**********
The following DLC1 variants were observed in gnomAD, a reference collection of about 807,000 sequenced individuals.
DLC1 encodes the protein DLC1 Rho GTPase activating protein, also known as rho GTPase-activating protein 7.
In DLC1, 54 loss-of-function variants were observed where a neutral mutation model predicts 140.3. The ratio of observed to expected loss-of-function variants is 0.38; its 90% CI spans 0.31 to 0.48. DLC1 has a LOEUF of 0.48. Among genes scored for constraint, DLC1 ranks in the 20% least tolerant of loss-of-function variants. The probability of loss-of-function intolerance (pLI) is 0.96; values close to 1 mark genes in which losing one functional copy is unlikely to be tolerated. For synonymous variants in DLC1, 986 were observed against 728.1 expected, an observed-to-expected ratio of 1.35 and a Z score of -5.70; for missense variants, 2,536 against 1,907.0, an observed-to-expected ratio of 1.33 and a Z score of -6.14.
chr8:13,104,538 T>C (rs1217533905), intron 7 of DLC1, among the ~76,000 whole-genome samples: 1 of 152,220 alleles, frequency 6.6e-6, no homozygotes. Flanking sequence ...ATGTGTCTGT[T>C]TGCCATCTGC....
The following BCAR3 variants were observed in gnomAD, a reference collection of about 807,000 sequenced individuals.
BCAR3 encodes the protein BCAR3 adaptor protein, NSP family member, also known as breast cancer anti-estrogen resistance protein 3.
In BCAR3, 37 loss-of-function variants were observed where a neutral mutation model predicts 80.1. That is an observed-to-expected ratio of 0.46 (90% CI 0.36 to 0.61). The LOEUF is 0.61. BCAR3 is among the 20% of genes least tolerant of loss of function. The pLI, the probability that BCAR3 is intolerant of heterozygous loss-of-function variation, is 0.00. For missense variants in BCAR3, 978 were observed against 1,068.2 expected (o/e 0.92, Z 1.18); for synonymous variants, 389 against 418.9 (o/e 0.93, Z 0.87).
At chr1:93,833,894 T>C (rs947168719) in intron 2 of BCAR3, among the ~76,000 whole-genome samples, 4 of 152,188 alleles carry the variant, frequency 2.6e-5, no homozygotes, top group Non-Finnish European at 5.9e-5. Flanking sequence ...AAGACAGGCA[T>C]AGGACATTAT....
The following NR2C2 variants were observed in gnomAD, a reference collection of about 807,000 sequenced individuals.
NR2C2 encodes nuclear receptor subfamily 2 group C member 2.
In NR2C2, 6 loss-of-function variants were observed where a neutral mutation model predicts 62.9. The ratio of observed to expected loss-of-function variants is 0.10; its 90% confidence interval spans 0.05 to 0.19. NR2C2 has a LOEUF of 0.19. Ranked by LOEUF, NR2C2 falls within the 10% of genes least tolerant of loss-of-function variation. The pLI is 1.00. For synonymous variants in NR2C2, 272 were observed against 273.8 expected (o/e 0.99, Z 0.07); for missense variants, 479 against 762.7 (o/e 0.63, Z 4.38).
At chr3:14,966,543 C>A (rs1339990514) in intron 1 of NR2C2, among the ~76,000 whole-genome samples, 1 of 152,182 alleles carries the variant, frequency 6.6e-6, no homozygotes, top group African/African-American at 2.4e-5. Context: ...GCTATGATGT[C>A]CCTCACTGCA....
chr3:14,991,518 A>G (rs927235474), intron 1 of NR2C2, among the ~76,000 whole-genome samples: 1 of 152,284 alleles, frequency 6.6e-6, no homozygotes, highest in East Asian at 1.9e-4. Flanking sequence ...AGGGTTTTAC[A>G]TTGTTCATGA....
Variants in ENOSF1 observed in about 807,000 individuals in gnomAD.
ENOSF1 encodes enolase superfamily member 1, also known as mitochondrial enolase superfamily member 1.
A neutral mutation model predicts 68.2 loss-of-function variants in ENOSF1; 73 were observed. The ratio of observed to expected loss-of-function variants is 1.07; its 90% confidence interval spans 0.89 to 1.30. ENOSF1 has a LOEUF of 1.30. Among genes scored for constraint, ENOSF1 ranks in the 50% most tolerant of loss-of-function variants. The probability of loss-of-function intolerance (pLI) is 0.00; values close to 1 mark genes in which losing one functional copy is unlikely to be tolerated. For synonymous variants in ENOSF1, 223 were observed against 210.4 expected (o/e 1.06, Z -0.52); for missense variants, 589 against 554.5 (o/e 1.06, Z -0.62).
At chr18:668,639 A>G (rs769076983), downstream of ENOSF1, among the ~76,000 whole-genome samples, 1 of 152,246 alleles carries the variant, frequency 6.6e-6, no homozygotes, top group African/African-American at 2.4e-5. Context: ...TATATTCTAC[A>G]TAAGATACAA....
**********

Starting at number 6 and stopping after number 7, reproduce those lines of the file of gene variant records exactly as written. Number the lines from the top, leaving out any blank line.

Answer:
BCAR3 encodes the protein BCAR3 adaptor protein, NSP family member, also known as breast cancer anti-estrogen resistance protein 3.
In BCAR3, 37 loss-of-function variants were observed where a neutral mutation model predicts 80.1. That is an observed-to-expected ratio of 0.46 (90% CI 0.36 to 0.61). The LOEUF is 0.61. BCAR3 is among the 20% of genes least tolerant of loss of function. The pLI, the probability that BCAR3 is intolerant of heterozygous loss-of-function variation, is 0.00. For missense variants in BCAR3, 978 were observed against 1,068.2 expected (o/e 0.92, Z 1.18); for synonymous variants, 389 against 418.9 (o/e 0.93, Z 0.87).